Art Rae Martini: from walls to canvases
Artart

Rae Martini: from walls to canvases

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Giorgia Massari
Rae Martini | Collater.al

It often happens that street artists feel the need, at a certain point in their artistic journey, to move from the wall medium to canvas, from the street to exhibition spaces. The same happens for Wildstyler Rae Martini (1976), probably the youngest of the Italian writers, who after twelve years of artistic activity in the urban context, transfers his art to canvas, blurring into material informal and taking his works to numerous galleries. The Milan-based artist will open tomorrow, May 9, 2023, his solo exhibition “Tempoforma” curated by Ilaria Bignotti, at the Federico Rui Contemporanea gallery, presenting his twelve unpublished works dedicated to two cycles of works: the “Modulari” and the “Sistemi di interazione”.

Rae Martini | Collater.al

Rae Martini’s artistic history is articulate, particularly evolutionary and always consistent. His long practice of street bombing preponderantly influenced the new Italian school, to the point of being recognized worldwide and admitted into some of New York’s historic crews. Martini devoted special attention to lettering, crucial to his career because it marked the first transition to canvas and thus to a painterly approach. His artistic work often coincides with and is supported by theoretical work, to which he devotes a great deal of attention, so much so that he spends several written words conceiving it. His research focuses on language and time, procedural and formal elements that are the result of a 30-year production. The artist himself explains the importance of the word, and therefore of lettering, associated with the concept of time, with a particular reference to his new works : “starting from the letter, then back to the structure, then back to the word, up to the sign, the (urban) surface, the sign of time, time itself and its flow. In the current Modulari the concept of temporal succession and its manifestation dominates.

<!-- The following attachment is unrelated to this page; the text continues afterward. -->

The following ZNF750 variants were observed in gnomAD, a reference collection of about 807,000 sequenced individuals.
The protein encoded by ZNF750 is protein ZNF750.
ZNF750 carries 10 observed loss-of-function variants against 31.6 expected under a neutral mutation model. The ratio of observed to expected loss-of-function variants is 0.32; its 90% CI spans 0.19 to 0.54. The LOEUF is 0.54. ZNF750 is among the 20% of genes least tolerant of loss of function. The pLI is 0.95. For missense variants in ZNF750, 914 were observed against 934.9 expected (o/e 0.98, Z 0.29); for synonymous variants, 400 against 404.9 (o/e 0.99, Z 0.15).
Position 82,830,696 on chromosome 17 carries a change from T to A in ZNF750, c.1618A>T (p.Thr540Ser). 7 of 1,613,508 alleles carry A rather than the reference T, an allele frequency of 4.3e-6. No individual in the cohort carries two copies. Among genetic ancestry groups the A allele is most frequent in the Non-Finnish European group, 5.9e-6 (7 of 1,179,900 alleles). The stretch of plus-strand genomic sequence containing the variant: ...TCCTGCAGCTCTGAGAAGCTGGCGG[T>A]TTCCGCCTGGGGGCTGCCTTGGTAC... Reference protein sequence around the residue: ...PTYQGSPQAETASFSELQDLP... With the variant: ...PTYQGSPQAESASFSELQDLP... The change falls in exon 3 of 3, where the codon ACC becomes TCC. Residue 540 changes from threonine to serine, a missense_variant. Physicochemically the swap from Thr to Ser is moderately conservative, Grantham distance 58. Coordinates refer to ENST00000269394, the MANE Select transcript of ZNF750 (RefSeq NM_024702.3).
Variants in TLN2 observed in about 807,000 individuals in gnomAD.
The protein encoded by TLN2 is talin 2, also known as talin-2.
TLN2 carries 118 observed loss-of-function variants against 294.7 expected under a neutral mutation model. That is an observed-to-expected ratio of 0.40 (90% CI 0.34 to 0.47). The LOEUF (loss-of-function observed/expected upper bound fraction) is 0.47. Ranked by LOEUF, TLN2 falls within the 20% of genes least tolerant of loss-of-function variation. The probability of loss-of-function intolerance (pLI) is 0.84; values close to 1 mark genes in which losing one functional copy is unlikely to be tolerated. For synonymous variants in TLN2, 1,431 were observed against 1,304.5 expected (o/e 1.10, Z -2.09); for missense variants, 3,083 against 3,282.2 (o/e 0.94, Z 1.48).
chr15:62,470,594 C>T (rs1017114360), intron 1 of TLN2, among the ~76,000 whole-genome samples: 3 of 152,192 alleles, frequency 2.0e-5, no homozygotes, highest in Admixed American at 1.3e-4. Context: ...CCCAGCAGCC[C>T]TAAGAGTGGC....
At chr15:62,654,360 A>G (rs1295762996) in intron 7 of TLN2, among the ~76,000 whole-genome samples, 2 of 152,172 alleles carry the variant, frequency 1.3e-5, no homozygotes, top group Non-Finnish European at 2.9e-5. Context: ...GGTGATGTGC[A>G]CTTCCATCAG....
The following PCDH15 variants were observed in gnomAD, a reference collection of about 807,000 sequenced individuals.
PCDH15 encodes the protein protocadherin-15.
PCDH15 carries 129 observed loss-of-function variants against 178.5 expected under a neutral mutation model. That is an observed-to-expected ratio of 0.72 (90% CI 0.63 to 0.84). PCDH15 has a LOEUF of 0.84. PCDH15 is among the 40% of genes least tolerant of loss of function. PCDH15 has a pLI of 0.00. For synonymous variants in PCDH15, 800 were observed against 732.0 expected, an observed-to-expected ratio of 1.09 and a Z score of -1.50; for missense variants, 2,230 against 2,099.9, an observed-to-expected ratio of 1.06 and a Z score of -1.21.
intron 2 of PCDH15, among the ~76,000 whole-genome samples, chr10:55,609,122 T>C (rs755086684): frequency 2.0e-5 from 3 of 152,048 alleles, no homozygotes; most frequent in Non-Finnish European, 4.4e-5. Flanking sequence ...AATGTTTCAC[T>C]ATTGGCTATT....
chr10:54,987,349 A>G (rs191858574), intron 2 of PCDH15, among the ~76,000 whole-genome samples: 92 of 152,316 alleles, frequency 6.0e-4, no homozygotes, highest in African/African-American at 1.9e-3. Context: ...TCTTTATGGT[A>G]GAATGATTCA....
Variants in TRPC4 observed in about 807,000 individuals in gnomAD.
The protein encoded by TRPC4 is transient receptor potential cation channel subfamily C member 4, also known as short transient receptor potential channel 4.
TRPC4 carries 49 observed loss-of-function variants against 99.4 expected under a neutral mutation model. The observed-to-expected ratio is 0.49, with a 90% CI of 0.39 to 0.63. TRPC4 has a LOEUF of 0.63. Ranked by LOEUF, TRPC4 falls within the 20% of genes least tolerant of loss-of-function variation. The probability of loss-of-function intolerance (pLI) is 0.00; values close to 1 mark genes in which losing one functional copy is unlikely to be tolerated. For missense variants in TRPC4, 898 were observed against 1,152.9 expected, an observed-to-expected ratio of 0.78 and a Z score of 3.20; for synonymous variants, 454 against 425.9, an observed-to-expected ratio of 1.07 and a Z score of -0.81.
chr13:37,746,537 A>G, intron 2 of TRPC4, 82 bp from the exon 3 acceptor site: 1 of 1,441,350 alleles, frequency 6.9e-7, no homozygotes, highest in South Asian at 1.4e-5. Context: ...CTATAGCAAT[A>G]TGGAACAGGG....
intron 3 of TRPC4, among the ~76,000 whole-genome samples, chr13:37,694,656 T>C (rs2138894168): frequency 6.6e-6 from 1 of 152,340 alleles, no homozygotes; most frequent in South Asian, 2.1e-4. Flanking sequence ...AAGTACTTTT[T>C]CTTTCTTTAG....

Rae Martini | Collater.al
Rae Martini | Collater.al

Rae Martini’s works presented today show, on the one hand, a connection to her past and, on the other, a desire to keep track of human and collective stories, words, and events. His works are “lived and survived,” harking back to a distant past, to when the artist spent his days in the workshop with his father, “among tools, paints and cars, there was some heart, passion and also a lot of loneliness… Today I translate those feelings belonging to my childhood into a kind of “fog” or “dust” that envelops the surface of my works,” says the artist.
Martini’s material works are in fact made up of papers from centuries-old books, pages of other people’s stories that are burned and superimposed, interwoven and juxtaposed, leaving only the intangible soul of the written word, sometimes perceptible with sight other times only with the mind. In fact, the selection that the artist makes is not so much about content but is rather driven by a fascination with the material that shows wear and tear and contains a lived experience. After the selection, Martini moves on to the compositional process, which involves gluing the pages together according to a logic of visual pattern – modular in fact – which he subsequently burns in “a violent and vigilant act.”

Rae Martini | Collater.al
Installation view Rae Martini’s exhibition, Federico Rui Arte Contemporanea

The paper they are made of reacts to fire with great dignity. Modern paper burns quickly, it is fragile. The old one resists, almost as if defending itself…. The heat liquefies the ink printed on the pages, which in places transfers to the canvas as if that text wants to survive in a new form, stamping itself to new life spontaneously, like a memory that refuses to disappear. The word is transferred from the page to the canvas and remains imprinted in places in the surface of the painting, barely visible but present, almost resigned to no longer being a protagonist but always charged with dignity.

The exhibition “Tempoforma” is on view until June 30, 2023 at Federico Rui Arte Contemporanea, Via Turati 38, Milan.

Artart
Written by Giorgia Massari
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